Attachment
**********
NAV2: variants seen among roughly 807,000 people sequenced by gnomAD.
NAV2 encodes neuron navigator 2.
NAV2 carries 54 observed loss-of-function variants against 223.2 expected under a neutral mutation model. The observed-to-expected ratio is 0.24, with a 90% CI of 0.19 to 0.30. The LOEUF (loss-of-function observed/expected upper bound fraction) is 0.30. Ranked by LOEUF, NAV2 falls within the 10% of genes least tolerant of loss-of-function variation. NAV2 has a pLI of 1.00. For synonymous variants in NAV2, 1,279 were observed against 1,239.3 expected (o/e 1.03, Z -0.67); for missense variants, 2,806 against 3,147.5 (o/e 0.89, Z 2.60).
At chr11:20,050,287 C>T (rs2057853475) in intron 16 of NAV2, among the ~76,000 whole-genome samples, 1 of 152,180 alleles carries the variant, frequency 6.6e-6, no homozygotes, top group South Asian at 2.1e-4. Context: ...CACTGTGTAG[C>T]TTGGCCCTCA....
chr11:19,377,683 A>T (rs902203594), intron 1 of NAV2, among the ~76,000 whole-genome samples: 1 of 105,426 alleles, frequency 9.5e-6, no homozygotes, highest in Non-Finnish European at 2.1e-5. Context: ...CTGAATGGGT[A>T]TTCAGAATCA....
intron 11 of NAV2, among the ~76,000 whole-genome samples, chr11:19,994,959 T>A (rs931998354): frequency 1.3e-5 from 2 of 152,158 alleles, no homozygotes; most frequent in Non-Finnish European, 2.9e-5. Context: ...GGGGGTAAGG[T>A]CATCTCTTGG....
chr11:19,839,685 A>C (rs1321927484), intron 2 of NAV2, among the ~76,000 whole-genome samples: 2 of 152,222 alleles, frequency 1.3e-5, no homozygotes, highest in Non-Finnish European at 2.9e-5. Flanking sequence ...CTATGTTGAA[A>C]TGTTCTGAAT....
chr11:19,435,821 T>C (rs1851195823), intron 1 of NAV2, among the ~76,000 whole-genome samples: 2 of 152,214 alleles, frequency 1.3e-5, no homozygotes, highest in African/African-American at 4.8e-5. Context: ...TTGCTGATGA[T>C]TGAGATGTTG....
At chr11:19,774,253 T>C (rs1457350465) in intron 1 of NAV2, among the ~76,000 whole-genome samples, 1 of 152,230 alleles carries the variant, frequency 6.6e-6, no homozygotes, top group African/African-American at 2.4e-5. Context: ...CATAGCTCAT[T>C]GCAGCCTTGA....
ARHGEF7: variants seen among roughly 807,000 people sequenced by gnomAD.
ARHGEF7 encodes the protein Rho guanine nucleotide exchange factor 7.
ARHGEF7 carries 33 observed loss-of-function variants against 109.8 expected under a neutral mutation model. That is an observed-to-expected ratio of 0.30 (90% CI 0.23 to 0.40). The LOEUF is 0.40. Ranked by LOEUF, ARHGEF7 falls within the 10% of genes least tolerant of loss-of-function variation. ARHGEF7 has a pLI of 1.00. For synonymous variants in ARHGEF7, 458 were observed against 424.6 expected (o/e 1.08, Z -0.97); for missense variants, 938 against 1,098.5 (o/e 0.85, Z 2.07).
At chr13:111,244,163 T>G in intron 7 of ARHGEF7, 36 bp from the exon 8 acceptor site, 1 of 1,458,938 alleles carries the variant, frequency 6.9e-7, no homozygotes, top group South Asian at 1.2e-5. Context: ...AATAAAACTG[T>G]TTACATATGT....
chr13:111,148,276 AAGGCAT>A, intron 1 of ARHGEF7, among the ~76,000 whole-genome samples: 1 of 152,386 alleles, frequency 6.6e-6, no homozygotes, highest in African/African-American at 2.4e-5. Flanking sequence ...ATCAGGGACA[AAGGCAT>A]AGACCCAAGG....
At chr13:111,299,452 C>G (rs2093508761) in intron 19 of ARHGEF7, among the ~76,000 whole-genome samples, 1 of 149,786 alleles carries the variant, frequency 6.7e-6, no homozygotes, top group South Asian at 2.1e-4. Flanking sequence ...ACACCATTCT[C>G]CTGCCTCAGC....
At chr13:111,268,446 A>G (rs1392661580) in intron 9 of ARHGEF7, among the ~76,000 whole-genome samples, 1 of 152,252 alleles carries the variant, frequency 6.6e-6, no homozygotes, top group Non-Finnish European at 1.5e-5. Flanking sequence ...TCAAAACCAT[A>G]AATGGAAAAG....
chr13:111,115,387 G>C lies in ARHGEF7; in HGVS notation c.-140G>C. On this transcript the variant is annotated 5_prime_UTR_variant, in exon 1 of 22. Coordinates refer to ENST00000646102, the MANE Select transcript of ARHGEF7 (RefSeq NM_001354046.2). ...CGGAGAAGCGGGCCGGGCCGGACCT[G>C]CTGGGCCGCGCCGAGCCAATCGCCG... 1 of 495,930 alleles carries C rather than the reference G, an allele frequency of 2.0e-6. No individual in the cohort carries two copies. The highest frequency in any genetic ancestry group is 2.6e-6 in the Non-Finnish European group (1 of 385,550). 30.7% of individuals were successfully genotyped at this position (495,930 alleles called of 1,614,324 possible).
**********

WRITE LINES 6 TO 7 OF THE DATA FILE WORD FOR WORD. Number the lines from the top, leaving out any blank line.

intron 11 of NAV2, among the ~76,000 whole-genome samples, chr11:19,994,959 T>A (rs931998354): frequency 1.3e-5 from 2 of 152,158 alleles, no homozygotes; most frequent in Non-Finnish European, 2.9e-5. Context: ...GGGGGTAAGG[T>A]CATCTCTTGG....
chr11:19,839,685 A>C (rs1321927484), intron 2 of NAV2, among the ~76,000 whole-genome samples: 2 of 152,222 alleles, frequency 1.3e-5, no homozygotes, highest in Non-Finnish European at 2.9e-5. Flanking sequence ...CTATGTTGAA[A>C]TGTTCTGAAT....